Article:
Strange are the ways of the world. The two people who propped me up through the next few months of mad applying to Universities, arranging finances, battling chicken pox and emotional meltdowns were my mum and my Dad. My Amma’s motherly love overtook beliefs in astrology and she decided to trust in God and help me through the last-minute-applying madness. So here I am, a Science group student who did an Undergrad degree in Journalism (thinking it was her true calling till she actually got into a newsroom and hated it), who stumbled upon Public Relations by chance and put in three years of her life trying to like it and finally was enlightened belatedly that all the while what she thought was a hobby was indeed her passion. WRITING, the ever-so-slippery eel of a calling that dawns on so many people so late in life. (I have a few 50+ year olds in my class and many in their post 30’s.)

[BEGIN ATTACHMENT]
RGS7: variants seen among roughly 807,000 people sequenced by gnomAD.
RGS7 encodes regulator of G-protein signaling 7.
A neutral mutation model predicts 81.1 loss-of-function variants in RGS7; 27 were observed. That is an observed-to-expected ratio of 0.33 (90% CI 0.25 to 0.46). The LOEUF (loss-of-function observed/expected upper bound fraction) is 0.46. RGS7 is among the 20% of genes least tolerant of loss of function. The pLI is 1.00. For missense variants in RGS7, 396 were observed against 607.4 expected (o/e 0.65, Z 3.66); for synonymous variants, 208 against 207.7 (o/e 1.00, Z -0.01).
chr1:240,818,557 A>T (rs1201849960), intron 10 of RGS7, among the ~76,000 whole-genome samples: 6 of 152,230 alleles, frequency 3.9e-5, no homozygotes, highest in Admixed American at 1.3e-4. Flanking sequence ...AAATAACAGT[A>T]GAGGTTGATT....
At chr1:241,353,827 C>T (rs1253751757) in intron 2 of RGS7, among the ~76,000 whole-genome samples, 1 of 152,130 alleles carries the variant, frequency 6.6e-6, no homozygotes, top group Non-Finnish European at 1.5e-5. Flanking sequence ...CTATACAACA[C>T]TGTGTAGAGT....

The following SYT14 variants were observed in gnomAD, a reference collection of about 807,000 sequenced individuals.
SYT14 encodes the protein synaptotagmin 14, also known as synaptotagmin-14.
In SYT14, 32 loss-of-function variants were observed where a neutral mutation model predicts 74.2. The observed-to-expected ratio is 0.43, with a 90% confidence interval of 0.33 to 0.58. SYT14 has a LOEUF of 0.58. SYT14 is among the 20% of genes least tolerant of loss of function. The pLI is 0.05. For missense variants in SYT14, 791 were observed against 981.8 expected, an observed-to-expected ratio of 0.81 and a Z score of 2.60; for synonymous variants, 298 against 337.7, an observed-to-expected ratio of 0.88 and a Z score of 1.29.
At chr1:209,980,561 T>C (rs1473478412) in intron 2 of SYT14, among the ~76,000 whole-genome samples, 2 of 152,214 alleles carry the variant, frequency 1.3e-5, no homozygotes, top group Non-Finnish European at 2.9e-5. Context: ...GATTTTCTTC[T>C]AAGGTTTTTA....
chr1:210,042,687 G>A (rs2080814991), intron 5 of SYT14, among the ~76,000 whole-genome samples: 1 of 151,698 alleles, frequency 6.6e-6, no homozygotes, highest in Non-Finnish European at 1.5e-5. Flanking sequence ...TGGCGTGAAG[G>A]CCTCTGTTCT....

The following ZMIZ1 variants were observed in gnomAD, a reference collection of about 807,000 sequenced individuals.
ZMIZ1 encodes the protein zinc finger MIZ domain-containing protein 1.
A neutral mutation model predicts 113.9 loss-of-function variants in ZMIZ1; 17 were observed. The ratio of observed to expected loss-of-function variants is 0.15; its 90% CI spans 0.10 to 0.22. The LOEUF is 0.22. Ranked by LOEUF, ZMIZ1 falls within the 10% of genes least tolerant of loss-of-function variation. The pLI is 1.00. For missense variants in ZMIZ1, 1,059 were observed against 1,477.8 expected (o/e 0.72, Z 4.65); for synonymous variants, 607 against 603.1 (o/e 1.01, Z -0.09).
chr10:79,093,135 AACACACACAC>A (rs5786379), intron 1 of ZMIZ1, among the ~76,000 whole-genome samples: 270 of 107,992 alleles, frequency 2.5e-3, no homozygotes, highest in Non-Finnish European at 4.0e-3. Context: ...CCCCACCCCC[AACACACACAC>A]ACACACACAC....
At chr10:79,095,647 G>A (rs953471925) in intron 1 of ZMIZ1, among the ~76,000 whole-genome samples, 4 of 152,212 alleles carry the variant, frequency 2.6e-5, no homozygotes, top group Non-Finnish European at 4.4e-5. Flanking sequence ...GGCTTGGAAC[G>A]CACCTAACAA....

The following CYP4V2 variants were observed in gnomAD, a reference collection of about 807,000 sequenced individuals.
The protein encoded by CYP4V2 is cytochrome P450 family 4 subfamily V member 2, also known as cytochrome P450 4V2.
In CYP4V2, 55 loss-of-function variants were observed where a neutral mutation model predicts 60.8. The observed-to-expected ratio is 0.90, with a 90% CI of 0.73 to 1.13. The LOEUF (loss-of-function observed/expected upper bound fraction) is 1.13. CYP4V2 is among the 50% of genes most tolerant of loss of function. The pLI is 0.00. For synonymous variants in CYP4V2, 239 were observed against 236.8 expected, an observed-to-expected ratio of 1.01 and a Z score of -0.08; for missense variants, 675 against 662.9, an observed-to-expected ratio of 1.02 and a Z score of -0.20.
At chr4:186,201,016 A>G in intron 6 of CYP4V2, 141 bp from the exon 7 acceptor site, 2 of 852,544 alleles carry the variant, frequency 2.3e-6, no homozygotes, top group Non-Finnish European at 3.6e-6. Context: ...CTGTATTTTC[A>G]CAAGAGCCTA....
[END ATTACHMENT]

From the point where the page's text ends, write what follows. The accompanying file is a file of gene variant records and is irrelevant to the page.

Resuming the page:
So now that I know what I want to do in life am I happy? Well…let me put it this way: – I can’t complain. LOL 😀 I don’t work long hours (though I am hunting for a part-time job), I get to write whatever I want to, whenever I want to, I am writing a novel which is much loved in class, I get to meet some great people and explore a whole new culture that is Britain, I intend to travel through Europe and am getting to learn and do things that I never thought I would. (Aww my…my…that’s an awfully long sentence.) So you see I can’t complain. 😀

All said and done there is something to following your passion. (Amir Khan might have tried hard to convey this message in 3 Idiots but I don’t see any change in the ‘IT world aspiring robots’ of our country.) Following your passion can put a smile back on your face,  bring lightness to your steps, gives you a sunshine attitude that rubs off on people around you and a purpose in life. And money, you ask? Well I don’t know, but if we are happy with what we are doing we will figure out the money part somehow isn’t it? At least, that’s what I think and I want to give my belief a chance. Right or wrong, time alone can tell. After all like a wise guy once said “Life is like riding a bicycle. To keep your balance, you must keep moving.”